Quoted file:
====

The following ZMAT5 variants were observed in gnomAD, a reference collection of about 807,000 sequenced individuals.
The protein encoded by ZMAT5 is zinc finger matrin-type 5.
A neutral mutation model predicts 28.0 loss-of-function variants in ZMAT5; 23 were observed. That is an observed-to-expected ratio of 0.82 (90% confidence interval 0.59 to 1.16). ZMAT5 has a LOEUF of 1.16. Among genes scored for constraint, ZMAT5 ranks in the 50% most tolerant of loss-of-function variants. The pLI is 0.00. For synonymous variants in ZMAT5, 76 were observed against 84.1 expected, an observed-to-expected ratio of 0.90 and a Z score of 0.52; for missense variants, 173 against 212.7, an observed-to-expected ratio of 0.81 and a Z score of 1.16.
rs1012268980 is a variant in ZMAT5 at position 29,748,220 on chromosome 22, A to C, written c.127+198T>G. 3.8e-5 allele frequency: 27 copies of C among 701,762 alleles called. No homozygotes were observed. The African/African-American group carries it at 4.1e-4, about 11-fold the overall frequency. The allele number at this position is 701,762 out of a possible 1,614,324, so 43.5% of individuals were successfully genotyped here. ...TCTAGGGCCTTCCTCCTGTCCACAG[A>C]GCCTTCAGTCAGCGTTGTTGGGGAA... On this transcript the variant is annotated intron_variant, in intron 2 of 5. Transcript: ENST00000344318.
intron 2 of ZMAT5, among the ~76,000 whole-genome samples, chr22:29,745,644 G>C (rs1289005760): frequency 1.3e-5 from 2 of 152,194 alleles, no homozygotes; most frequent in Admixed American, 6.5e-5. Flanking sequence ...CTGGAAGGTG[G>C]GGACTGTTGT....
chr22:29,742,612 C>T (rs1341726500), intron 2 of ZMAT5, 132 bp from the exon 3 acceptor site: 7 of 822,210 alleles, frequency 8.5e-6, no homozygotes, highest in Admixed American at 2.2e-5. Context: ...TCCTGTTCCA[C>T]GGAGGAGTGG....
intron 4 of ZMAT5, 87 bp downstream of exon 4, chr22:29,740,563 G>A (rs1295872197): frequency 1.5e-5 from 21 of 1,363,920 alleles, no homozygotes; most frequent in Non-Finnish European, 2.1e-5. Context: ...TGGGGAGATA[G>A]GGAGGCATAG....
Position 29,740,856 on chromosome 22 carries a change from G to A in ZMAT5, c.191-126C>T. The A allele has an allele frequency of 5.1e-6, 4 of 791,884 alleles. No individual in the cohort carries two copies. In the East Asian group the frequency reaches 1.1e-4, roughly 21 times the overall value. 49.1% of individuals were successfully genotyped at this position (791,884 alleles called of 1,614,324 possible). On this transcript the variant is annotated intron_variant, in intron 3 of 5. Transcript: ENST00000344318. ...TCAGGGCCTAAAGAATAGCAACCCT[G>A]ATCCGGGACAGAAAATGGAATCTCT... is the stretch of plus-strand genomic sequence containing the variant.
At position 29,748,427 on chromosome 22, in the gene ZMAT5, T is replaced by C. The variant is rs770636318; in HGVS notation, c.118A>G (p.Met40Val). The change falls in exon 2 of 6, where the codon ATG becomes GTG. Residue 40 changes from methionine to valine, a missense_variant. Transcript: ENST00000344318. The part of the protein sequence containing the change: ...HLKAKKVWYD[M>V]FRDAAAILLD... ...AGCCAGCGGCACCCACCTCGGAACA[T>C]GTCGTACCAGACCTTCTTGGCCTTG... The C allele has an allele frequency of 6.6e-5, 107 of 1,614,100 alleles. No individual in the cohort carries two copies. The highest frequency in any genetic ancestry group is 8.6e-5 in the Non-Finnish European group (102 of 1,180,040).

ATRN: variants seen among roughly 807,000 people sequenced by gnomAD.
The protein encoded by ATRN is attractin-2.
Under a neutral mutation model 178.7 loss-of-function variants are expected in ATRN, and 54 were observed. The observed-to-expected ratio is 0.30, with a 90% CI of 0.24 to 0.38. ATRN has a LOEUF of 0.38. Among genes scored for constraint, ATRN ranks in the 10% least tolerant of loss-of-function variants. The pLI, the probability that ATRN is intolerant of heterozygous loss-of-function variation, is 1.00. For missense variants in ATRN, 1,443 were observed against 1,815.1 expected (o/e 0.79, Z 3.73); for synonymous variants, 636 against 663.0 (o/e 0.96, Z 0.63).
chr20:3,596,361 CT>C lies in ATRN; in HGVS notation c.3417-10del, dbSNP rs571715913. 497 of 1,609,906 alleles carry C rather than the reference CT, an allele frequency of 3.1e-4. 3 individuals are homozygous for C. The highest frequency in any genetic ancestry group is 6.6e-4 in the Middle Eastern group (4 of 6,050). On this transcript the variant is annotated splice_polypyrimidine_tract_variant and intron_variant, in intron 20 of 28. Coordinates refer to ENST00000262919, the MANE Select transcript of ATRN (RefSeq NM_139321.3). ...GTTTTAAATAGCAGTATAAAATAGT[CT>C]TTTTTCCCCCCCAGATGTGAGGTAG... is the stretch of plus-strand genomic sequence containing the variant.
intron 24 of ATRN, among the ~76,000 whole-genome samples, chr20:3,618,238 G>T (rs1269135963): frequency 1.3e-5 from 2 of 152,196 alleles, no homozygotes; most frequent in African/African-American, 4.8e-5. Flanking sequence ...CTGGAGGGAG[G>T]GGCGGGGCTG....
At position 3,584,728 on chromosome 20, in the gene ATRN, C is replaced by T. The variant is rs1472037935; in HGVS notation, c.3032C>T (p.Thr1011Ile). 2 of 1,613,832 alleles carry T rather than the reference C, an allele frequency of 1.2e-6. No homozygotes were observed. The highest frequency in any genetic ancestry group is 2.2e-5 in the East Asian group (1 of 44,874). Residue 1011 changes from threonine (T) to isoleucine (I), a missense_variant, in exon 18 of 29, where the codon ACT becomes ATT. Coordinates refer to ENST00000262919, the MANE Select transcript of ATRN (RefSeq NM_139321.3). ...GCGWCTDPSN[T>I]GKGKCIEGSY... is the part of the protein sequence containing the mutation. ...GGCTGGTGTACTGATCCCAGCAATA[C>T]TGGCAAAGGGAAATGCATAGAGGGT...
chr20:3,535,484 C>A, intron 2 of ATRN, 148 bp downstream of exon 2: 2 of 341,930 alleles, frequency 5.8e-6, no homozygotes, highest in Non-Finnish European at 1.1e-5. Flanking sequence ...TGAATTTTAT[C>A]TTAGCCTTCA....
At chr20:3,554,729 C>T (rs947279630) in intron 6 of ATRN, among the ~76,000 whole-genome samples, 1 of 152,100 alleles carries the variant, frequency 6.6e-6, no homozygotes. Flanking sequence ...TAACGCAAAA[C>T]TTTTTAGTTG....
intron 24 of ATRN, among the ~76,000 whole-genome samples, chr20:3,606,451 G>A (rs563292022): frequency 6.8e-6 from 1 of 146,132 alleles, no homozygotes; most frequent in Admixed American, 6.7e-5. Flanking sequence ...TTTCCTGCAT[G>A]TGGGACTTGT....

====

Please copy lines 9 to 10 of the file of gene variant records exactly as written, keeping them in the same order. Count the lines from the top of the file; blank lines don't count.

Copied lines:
At position 29,748,427 on chromosome 22, in the gene ZMAT5, T is replaced by C. The variant is rs770636318; in HGVS notation, c.118A>G (p.Met40Val). The change falls in exon 2 of 6, where the codon ATG becomes GTG. Residue 40 changes from methionine to valine, a missense_variant. Transcript: ENST00000344318. The part of the protein sequence containing the change: ...HLKAKKVWYD[M>V]FRDAAAILLD... ...AGCCAGCGGCACCCACCTCGGAACA[T>C]GTCGTACCAGACCTTCTTGGCCTTG... The C allele has an allele frequency of 6.6e-5, 107 of 1,614,100 alleles. No individual in the cohort carries two copies. The highest frequency in any genetic ancestry group is 8.6e-5 in the Non-Finnish European group (102 of 1,180,040).

ATRN: variants seen among roughly 807,000 people sequenced by gnomAD.